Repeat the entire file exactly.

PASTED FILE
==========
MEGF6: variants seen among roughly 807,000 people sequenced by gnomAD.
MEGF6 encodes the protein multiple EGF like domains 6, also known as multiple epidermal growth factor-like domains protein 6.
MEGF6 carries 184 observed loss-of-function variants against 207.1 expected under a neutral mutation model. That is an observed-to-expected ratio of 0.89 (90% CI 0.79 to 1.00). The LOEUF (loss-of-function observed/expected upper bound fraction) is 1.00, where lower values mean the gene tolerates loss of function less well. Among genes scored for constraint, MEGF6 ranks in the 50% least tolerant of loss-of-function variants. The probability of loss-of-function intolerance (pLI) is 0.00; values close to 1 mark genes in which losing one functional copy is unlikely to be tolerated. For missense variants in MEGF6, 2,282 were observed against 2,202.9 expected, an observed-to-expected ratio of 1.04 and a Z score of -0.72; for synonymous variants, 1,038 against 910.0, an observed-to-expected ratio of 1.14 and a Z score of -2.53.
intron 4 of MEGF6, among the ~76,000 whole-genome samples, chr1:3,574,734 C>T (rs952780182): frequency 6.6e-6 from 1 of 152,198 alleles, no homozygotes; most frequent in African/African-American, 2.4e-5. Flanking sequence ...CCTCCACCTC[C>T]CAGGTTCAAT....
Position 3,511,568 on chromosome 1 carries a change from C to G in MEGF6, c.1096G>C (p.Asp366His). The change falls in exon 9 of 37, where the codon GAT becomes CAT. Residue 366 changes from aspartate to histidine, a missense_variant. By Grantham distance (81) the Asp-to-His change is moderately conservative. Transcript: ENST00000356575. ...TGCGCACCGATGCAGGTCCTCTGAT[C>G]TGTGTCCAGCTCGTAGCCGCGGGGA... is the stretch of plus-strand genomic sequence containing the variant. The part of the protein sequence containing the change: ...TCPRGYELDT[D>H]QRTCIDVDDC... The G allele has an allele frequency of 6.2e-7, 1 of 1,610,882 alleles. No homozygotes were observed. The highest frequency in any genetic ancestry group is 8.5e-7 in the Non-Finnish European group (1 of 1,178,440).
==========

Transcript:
MEGF6: variants seen among roughly 807,000 people sequenced by gnomAD.
MEGF6 encodes the protein multiple EGF like domains 6, also known as multiple epidermal growth factor-like domains protein 6.
MEGF6 carries 184 observed loss-of-function variants against 207.1 expected under a neutral mutation model. That is an observed-to-expected ratio of 0.89 (90% CI 0.79 to 1.00). The LOEUF (loss-of-function observed/expected upper bound fraction) is 1.00, where lower values mean the gene tolerates loss of function less well. Among genes scored for constraint, MEGF6 ranks in the 50% least tolerant of loss-of-function variants. The probability of loss-of-function intolerance (pLI) is 0.00; values close to 1 mark genes in which losing one functional copy is unlikely to be tolerated. For missense variants in MEGF6, 2,282 were observed against 2,202.9 expected, an observed-to-expected ratio of 1.04 and a Z score of -0.72; for synonymous variants, 1,038 against 910.0, an observed-to-expected ratio of 1.14 and a Z score of -2.53.
intron 4 of MEGF6, among the ~76,000 whole-genome samples, chr1:3,574,734 C>T (rs952780182): frequency 6.6e-6 from 1 of 152,198 alleles, no homozygotes; most frequent in African/African-American, 2.4e-5. Flanking sequence ...CCTCCACCTC[C>T]CAGGTTCAAT....
Position 3,511,568 on chromosome 1 carries a change from C to G in MEGF6, c.1096G>C (p.Asp366His). The change falls in exon 9 of 37, where the codon GAT becomes CAT. Residue 366 changes from aspartate to histidine, a missense_variant. By Grantham distance (81) the Asp-to-His change is moderately conservative. Transcript: ENST00000356575. ...TGCGCACCGATGCAGGTCCTCTGAT[C>G]TGTGTCCAGCTCGTAGCCGCGGGGA... is the stretch of plus-strand genomic sequence containing the variant. The part of the protein sequence containing the change: ...TCPRGYELDT[D>H]QRTCIDVDDC... The G allele has an allele frequency of 6.2e-7, 1 of 1,610,882 alleles. No homozygotes were observed. The highest frequency in any genetic ancestry group is 8.5e-7 in the Non-Finnish European group (1 of 1,178,440).